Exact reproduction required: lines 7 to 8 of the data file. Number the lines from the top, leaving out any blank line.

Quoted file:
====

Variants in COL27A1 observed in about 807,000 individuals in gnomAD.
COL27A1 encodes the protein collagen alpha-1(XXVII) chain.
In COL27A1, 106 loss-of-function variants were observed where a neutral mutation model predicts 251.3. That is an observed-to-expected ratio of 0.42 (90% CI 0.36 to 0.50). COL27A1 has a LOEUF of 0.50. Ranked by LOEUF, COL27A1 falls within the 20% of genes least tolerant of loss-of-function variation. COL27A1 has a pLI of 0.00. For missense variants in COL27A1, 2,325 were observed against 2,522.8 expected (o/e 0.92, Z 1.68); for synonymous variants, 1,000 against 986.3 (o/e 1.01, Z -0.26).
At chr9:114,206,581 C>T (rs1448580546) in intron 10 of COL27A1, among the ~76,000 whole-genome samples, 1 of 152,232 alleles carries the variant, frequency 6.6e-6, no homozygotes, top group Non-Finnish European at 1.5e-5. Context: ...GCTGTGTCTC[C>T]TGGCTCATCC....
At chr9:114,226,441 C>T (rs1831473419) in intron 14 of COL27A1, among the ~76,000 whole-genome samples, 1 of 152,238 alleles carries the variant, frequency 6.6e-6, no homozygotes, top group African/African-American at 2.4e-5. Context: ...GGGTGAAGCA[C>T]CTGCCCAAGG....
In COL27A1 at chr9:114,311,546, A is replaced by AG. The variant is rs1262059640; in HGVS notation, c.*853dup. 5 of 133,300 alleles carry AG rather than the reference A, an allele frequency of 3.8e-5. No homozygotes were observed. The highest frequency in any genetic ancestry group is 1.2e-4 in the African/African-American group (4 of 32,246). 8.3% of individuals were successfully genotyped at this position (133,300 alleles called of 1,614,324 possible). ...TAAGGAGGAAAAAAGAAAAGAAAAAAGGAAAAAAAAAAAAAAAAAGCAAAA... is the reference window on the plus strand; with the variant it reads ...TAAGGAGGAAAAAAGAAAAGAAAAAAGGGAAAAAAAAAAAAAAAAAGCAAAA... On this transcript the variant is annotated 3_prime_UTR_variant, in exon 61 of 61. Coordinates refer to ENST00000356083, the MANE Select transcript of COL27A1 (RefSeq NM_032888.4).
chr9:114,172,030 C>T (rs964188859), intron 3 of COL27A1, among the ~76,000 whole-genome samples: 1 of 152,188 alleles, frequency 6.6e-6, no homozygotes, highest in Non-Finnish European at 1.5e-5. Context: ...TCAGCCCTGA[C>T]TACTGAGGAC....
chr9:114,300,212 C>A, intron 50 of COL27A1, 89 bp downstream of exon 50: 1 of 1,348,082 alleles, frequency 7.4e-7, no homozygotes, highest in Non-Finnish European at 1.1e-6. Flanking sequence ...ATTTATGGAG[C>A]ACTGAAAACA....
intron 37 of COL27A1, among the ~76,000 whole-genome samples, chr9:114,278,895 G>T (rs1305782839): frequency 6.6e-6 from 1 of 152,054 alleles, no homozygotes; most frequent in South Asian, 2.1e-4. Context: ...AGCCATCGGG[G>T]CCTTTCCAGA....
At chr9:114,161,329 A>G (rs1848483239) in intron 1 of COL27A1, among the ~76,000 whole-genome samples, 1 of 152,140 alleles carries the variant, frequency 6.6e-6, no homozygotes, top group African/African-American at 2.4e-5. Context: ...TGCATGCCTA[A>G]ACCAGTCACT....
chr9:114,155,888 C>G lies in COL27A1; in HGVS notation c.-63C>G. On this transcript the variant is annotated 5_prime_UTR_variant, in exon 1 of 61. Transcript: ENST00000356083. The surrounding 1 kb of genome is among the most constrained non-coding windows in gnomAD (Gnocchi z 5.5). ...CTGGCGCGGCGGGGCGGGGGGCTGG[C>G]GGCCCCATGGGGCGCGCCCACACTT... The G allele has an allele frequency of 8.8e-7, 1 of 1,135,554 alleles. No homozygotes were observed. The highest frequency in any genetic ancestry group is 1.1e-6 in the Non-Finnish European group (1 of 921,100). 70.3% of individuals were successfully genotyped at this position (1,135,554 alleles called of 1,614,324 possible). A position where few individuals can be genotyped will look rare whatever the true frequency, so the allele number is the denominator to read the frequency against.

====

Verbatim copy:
chr9:114,172,030 C>T (rs964188859), intron 3 of COL27A1, among the ~76,000 whole-genome samples: 1 of 152,188 alleles, frequency 6.6e-6, no homozygotes, highest in Non-Finnish European at 1.5e-5. Context: ...TCAGCCCTGA[C>T]TACTGAGGAC....
chr9:114,300,212 C>A, intron 50 of COL27A1, 89 bp downstream of exon 50: 1 of 1,348,082 alleles, frequency 7.4e-7, no homozygotes, highest in Non-Finnish European at 1.1e-6. Flanking sequence ...ATTTATGGAG[C>A]ACTGAAAACA....